What is an IBCLC?
It’s International IBCLC Day on Wednesday, 1st of March! There are currently 33,492 IBCLCs in 125 countries, according to the IBLCE, the International Board of Lactation Consultant Examiners. So today, we will explain what an IBCLC is and how to become one. We know this is not a universally known figure in healthcare and many people wonder what these letters mean. So we wanted to dedicate this article to answering your questions on what an IBCLC is and how to obtain this certification. And, of course, if you have any other questions, let us know!
What is an IBCLC?
An IBCLC is a person, male or female, who has demonstrated knowledge and skills in the field of lactation. To become an IBCLC, you must meet a series of prerequisites and pass an exam that must be renewed every 5 years to ensure the best care for mothers and babies. The acronym IBCLC stands for International Board Certified Lactation Consultant.
Who can qualify to become an IBCLC?
At the moment, there are three ways to become an IBCLC. In general, to be eligible for the exam, many hours of practice – depending on the type of pathway- of in-person or online care for breastfeeding mothers, other hours of specific theory training in lactation and, sometimes, supervised practice is required.
Do you have to be a healthcare professional to become an IBCLC?
Some years ago, anyone could take the exam to become an IBCLC, regardless of whether they were healthcare professionals. This requirement has changed. Now, if you are not a healthcare professional, you have to complete an entry-level health training that consists of 14 health-related subjects set by the IBCLC committee and gives you access to sit for the exam. LactApp offers this training online in Spanish together with Ramon LLull University.
What are the other requirements?
The three different pathways to becoming certified as an IBCLC raise many doubts. You can find more information here. One of the requirements is to demonstrate hours of theoretical education in lactation. Our LactApp Postgraduate Course in Lactation (online in Spanish) covers all the necessary hours.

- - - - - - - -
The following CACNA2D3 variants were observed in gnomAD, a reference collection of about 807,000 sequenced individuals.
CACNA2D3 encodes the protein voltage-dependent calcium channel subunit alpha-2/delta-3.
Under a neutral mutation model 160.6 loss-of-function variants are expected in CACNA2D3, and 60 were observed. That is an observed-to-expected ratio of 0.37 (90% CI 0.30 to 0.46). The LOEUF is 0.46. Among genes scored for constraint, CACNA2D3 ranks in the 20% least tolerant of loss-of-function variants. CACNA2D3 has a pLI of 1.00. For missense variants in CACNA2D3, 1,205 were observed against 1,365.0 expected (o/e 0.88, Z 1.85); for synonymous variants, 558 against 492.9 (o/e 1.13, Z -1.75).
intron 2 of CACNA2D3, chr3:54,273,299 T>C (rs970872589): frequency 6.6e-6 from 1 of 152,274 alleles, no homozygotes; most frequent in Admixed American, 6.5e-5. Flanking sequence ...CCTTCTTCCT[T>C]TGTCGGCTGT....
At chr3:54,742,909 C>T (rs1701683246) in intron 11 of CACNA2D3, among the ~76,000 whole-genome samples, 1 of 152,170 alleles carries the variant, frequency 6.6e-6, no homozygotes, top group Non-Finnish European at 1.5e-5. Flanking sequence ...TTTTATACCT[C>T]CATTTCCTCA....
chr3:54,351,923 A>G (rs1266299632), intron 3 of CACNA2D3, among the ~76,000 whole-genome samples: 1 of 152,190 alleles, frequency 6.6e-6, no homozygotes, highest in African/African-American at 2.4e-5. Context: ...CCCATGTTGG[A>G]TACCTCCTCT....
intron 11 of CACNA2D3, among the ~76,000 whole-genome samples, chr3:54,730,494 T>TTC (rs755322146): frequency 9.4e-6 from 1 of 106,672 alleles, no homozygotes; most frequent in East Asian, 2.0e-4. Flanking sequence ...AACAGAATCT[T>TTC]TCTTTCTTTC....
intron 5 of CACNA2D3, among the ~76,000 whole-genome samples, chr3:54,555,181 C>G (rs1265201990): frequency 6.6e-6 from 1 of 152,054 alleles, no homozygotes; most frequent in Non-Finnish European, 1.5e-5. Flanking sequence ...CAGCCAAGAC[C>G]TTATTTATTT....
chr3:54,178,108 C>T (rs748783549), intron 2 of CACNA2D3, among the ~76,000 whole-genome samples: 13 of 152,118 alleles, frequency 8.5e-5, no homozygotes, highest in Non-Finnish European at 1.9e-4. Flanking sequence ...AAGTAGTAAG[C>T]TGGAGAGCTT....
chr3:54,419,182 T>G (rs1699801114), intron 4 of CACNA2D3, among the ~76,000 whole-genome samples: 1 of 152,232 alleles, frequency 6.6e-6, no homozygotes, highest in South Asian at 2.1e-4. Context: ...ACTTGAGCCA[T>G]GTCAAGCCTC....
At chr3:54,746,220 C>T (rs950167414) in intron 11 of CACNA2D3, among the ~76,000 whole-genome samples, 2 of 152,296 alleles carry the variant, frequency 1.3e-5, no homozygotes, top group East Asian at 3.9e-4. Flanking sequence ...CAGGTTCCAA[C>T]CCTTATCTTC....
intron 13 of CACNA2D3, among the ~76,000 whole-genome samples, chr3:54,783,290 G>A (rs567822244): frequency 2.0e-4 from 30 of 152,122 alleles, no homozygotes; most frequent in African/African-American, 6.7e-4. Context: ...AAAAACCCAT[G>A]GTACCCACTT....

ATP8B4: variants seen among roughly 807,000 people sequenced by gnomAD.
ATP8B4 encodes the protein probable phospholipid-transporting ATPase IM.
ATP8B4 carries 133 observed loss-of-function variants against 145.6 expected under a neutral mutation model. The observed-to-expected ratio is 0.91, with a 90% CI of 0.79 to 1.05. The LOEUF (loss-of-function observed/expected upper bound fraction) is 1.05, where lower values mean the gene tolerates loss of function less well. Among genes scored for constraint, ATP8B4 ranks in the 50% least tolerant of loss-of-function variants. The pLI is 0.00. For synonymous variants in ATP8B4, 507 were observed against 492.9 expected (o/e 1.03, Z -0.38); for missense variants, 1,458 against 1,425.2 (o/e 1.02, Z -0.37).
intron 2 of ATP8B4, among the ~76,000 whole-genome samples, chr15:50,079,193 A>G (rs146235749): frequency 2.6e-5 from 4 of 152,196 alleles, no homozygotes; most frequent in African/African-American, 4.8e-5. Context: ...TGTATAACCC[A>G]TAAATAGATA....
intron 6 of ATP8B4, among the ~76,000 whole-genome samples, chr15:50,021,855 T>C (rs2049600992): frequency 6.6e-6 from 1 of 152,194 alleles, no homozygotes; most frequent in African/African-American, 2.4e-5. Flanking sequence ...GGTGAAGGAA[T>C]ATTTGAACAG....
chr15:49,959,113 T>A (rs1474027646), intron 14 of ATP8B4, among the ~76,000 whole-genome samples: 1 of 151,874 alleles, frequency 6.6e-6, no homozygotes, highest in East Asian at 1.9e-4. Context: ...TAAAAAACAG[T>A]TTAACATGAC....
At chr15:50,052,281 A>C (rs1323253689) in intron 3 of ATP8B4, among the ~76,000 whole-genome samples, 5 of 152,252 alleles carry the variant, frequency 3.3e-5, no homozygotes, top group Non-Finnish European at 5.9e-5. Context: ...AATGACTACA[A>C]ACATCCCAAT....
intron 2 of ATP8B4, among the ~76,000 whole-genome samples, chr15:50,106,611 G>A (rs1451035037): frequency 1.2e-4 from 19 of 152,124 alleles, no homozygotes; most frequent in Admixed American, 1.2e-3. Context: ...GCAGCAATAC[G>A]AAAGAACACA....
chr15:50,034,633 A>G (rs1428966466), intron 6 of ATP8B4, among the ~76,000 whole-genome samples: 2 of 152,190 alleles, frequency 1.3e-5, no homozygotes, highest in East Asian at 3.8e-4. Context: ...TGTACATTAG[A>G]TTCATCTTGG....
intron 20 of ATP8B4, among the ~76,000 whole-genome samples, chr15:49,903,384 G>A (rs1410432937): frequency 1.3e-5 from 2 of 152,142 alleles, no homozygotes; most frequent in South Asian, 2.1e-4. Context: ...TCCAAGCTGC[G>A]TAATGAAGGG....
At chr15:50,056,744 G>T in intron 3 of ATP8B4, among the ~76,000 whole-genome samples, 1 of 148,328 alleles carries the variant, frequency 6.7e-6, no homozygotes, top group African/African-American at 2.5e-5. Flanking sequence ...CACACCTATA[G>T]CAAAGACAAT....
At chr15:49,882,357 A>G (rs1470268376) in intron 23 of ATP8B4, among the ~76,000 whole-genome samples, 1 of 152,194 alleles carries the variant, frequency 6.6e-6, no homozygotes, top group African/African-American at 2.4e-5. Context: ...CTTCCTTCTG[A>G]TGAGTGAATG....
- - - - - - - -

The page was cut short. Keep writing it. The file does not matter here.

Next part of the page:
What ethical obligations does this qualification involve?
IBCLCs must comply with a strict code of professional conduct. A crucial part of the IBCLC’s duty to protect mothers and their children is adherence to the principles and goals of the International Code of Marketing of Breastmilk Substitutes, and subsequent World Health Organization resolutions.
The IBCLC Code of Professional Conduct consists of eight principles:
- IBCLCs must provide services that protect, promote and support breastfeeding.
- They must act with diligence
- They must maintain the confidentiality of their clients
- They must report accurately and completely to other members of the healthcare team.
- They must exercise independent judgment and avoid conflicts of interest.
- They must maintain personal integrity
- They must uphold the professional standards expected of an IBCLC
- and comply with IBLCE disciplinary procedures if necessary.
What is the difference between an IBCLC, a midwife and a lactation consultant?
The fundamental differences are determined by their training. Midwives focus their work on the woman’s reproductive cycle, specializing in physiological birth. Lactation consultants are volunteer mothers who have breastfeeding experience and specific training. IBCLCs are professionals who have been trained in all disciplines related to breastfeeding and achieved a demonstrated specific experience in the direct care of breastfeeding mothers. In this sense, the three figures are compatible, and many midwives are trained, in a complementary way, to become IBCLCs to improve the care they offer to breastfeeding mothers.
How can I find an IBCLC?
Many countries have their own websites where you can find most of the IBCLCs that exist in that country, for example:
- In the United States, on the USLCA’s IBCLC directory
- In the UK, on the website of Lactations Consultants of Great Britain
- In Australia and New Zealand on the website of LCANZ
- There is also a registry on the international website.
Are there IBCLCs in LactApp?
LactApp was co-founded by Alba Padró, who has been an IBCLC for nearly 15 years. Three more team members are certified IBCLCs, and two of them are midwives. IBCLCs must renew their accreditation every 5 years, which implies knowing updated information and keeping up to date with evidence on lactation to help mothers. The fact that the LactApp mobile App (available for iPhone or Android) is entirely written and updated by IBCLCs means that it contains evidence-based and up-to-date information for mothers. At the same time, the information is offered with respect and sensibility and with the backing of an international body.
- IBLCE International (International Board of Lactation Consultant Examiners)
- ILCA (International Lactation Consultant Association)